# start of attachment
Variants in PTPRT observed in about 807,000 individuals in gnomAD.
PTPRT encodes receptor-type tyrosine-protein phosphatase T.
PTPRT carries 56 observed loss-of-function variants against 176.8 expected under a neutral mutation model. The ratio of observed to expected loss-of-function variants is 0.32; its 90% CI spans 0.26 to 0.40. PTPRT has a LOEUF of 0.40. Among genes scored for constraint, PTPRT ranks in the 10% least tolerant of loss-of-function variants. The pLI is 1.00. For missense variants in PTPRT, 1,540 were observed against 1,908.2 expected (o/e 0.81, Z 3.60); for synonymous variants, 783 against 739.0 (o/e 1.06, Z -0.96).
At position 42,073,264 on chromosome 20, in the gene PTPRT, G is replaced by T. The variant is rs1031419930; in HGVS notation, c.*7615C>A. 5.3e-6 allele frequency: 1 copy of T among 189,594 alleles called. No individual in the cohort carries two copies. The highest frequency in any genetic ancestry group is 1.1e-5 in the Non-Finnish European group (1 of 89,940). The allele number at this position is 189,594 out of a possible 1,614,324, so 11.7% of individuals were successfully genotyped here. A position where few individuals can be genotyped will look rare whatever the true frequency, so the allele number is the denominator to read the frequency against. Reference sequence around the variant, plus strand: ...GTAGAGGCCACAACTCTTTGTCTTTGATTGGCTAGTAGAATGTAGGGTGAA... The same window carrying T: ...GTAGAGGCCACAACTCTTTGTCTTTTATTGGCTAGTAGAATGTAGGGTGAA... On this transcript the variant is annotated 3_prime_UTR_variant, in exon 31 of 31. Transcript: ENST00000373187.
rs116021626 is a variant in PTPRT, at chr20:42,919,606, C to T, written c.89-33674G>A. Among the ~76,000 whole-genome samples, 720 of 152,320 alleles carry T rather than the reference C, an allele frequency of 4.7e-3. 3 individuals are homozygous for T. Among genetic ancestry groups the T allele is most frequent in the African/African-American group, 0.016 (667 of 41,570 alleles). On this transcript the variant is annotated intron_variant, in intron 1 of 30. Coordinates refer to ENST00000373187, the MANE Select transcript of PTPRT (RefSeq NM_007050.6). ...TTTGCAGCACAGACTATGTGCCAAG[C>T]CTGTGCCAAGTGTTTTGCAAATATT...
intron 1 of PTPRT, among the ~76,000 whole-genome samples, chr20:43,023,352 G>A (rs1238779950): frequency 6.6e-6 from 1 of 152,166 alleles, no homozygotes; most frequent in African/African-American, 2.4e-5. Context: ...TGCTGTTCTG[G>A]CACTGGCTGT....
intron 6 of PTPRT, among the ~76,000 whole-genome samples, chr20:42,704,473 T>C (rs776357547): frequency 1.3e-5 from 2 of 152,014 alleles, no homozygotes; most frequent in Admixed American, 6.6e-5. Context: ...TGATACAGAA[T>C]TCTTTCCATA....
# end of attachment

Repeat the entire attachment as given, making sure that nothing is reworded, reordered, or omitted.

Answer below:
Variants in PTPRT observed in about 807,000 individuals in gnomAD.
PTPRT encodes receptor-type tyrosine-protein phosphatase T.
PTPRT carries 56 observed loss-of-function variants against 176.8 expected under a neutral mutation model. The ratio of observed to expected loss-of-function variants is 0.32; its 90% CI spans 0.26 to 0.40. PTPRT has a LOEUF of 0.40. Among genes scored for constraint, PTPRT ranks in the 10% least tolerant of loss-of-function variants. The pLI is 1.00. For missense variants in PTPRT, 1,540 were observed against 1,908.2 expected (o/e 0.81, Z 3.60); for synonymous variants, 783 against 739.0 (o/e 1.06, Z -0.96).
At position 42,073,264 on chromosome 20, in the gene PTPRT, G is replaced by T. The variant is rs1031419930; in HGVS notation, c.*7615C>A. 5.3e-6 allele frequency: 1 copy of T among 189,594 alleles called. No individual in the cohort carries two copies. The highest frequency in any genetic ancestry group is 1.1e-5 in the Non-Finnish European group (1 of 89,940). The allele number at this position is 189,594 out of a possible 1,614,324, so 11.7% of individuals were successfully genotyped here. A position where few individuals can be genotyped will look rare whatever the true frequency, so the allele number is the denominator to read the frequency against. Reference sequence around the variant, plus strand: ...GTAGAGGCCACAACTCTTTGTCTTTGATTGGCTAGTAGAATGTAGGGTGAA... The same window carrying T: ...GTAGAGGCCACAACTCTTTGTCTTTTATTGGCTAGTAGAATGTAGGGTGAA... On this transcript the variant is annotated 3_prime_UTR_variant, in exon 31 of 31. Transcript: ENST00000373187.
rs116021626 is a variant in PTPRT, at chr20:42,919,606, C to T, written c.89-33674G>A. Among the ~76,000 whole-genome samples, 720 of 152,320 alleles carry T rather than the reference C, an allele frequency of 4.7e-3. 3 individuals are homozygous for T. Among genetic ancestry groups the T allele is most frequent in the African/African-American group, 0.016 (667 of 41,570 alleles). On this transcript the variant is annotated intron_variant, in intron 1 of 30. Coordinates refer to ENST00000373187, the MANE Select transcript of PTPRT (RefSeq NM_007050.6). ...TTTGCAGCACAGACTATGTGCCAAG[C>T]CTGTGCCAAGTGTTTTGCAAATATT...
intron 1 of PTPRT, among the ~76,000 whole-genome samples, chr20:43,023,352 G>A (rs1238779950): frequency 6.6e-6 from 1 of 152,166 alleles, no homozygotes; most frequent in African/African-American, 2.4e-5. Context: ...TGCTGTTCTG[G>A]CACTGGCTGT....
intron 6 of PTPRT, among the ~76,000 whole-genome samples, chr20:42,704,473 T>C (rs776357547): frequency 1.3e-5 from 2 of 152,014 alleles, no homozygotes; most frequent in Admixed American, 6.6e-5. Context: ...TGATACAGAA[T>C]TCTTTCCATA....